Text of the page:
Where do bugs go in winter?

Where do bugs go in winter?


(phone rings) – Hi, it’s Doug. What’s the most colorful
insect you’ve ever seen? Well, a couple of years ago I
visited the state of Florida and I was amazed to see these things. They’re some of the most
colorful grasshoppers I’ve ever seen. It’s called a lubber and
what was strangest of all it was the middle of
December when I saw them. Florida doesn’t ever get
very cold in the wintertime so you can see lots of
insects there all year. Someone named Kylie has
a question about insects. Let’s give her a call now. (phone rings) – Hi Doug. – Hi Kylie. – I have a question for you. Where do bugs go in winter? – That’s a great question. If you live somewhere
with cold, snowy winters you might have noticed this too. Just a few months earlier in the year you could find all kinds
of insects around you. Butterflies, ants, bees and lots more. But then winter comes
and they’re just gone and it’s weird too. I mean it’s not like there
are no animals out in winter. For example you might still
see deer or squirrels. Even a few birds like if you get a chance to watch a bird feeder. So, where do all the insects go? What do you think? Now would be a good time to
pause the video and discuss. Well, I grew up somewhere cold and snowy and I used to wonder this myself. But before I tell you about
where insects go in winter let me give you a clue
involving a very different kind of animal. These, frogs. You see, I’m kind of obsessed with frogs and one of my favorite places
to visit when I was younger was this pond that was near where I lived. I’d look for frogs there. I actually got to be pretty
good at catching the frogs, showing them to my friends and family and then releasing them
again into the pond. But every winter the
pond would freeze over and the frogs would disappear. It wasn’t just the frogs either. I stared to notice there’d
never be any turtles in winter and never any snakes too. It was kind of sad for me actually. I missed seeing all these creatures I would find in the summer. One winter while walking around the edge of the frozen pond I was bored. I saw this rotten log sitting
there, nothing too unusual. But since I was bored I
decided to flip it over. As I flipped it over I was
totally shocked by what I saw. There, under the log, nestled
into the freezing cold mud was this frog in the middle of winter. It was just laying there barely moving. Whoa, wait a second. The frogs were there the whole time? That’s when I learned
that frogs do something kind of like hibernation. They go into a long sleep in winter burring themselves in the mud when it first starts to
get cold in the fall. I’d heard of hibernation before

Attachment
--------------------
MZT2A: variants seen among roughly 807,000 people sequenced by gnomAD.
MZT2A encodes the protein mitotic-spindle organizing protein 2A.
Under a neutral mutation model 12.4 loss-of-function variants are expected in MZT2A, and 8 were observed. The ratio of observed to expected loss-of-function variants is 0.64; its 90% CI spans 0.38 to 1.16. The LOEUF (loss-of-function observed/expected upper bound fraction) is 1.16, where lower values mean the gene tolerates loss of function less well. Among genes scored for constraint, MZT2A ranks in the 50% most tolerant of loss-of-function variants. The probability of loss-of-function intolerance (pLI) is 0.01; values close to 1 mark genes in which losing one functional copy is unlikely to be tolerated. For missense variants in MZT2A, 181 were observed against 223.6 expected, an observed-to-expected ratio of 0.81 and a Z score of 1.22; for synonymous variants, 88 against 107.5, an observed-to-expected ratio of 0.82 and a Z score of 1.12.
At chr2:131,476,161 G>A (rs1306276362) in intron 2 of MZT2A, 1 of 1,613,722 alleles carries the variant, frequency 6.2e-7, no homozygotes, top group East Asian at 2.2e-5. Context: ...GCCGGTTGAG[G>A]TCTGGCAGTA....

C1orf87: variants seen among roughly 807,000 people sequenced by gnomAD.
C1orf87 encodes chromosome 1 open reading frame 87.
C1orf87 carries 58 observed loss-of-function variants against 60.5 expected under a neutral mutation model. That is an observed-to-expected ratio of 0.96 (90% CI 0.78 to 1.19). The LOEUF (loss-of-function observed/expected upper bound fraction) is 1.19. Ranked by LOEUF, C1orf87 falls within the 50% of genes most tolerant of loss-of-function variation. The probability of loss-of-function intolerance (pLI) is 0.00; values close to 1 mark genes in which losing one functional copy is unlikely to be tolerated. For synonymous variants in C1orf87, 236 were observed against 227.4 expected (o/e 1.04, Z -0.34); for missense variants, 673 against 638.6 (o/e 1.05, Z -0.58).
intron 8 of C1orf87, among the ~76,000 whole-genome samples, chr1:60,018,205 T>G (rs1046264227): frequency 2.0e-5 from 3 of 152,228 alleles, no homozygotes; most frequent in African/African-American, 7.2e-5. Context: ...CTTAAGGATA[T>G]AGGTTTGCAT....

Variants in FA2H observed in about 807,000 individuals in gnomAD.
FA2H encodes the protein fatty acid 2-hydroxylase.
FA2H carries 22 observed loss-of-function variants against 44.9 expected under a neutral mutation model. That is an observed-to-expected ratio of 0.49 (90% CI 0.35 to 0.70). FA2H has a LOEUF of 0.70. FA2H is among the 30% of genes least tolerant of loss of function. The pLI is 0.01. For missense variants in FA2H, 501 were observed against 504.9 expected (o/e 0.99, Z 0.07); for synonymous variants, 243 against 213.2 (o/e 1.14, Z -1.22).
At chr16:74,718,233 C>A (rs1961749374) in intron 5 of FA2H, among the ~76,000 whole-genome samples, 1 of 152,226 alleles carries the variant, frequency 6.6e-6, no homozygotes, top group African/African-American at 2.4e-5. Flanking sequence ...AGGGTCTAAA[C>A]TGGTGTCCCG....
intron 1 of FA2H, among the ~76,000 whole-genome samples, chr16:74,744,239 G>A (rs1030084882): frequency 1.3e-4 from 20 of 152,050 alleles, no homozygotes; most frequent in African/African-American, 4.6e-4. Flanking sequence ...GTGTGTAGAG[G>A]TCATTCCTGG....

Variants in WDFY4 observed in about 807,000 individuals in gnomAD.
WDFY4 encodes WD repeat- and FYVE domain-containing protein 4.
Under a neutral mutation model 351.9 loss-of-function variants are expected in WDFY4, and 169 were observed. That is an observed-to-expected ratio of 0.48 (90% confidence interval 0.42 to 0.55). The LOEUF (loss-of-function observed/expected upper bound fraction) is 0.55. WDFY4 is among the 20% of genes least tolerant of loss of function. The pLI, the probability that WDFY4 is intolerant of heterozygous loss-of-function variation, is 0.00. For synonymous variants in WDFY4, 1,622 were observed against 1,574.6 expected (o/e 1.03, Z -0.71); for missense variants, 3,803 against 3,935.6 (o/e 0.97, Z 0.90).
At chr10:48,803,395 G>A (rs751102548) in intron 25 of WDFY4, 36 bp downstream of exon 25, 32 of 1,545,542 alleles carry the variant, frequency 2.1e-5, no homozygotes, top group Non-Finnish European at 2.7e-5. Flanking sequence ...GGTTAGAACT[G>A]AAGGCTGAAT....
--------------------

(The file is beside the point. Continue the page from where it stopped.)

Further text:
but thought it was something that only bears did and it
turns out it’s not just frogs and bears, but turtles do
this as well, and snakes. In fact some snakes like
these will actually all gather in a big pile like in a cave underground which helps them to stay warm. Oh yeah, I’d never thought
about where the snakes went. So now, what about insects? Could it be that they hibernate
during the winter too? I’ll be honest with you. When I first heard this question, where do bugs go in winter? I thought you might be really
disappointed by the answer because the first thing I thought of were insects like these, praying mantises. Praying mantises are one of many insects that well, the answer is they don’t survive the winter, they die. While it’s sad it’s
part of their lifecycle. Every fall preying mantises
and lots of other insects too will lay eggs that do survive. So even though the adults
don’t survive the winter by spring babies will be born and their lifecycle will go on. But as I started to research
more about this question I was pleasantly surprised to find out that not all insects die in the winter. Now, I’d known that some
insects like monarch butterflies will actually escape the cold
by flying thousands of miles farther south to reach warmer places. They migrate just like many birds do. But what about hibernation? Are there any insects that
can do something similar to what frogs, turtles and bears do? Where they stay alive all winter but just aren’t very active. In fact there are, like these. Ladybugs are a good example and just like the snakes you saw earlier ladybugs will often gather
together in a big pile in a warm place. Sometimes they even try to stay warm by sneaking their way
into people’s houses. If you live somewhere cold in winter you might be able to notice
ladybugs doing this too. So in summary insects and other bugs have different ways of
surviving cold snowy winters. Some of them fly south to warmer places. Others die but lay eggs
and still others are able to survive all winter. They do something similar to hibernation. That’s all for this week’s question. Thanks Kylie for asking it. Now, for the next episode I
reached into my question jar and chose three questions submitted to me that I’m thinking about answering. When this video is done playing
you’ll get to vote on one. You can choose from, why
do people throw confetti? Who invented the alphabet? Or, how is glass made? So submit your vote when the video’s over. I want to hear from all of you watching. There are mysteries all around us. Stay curious and see you next week.

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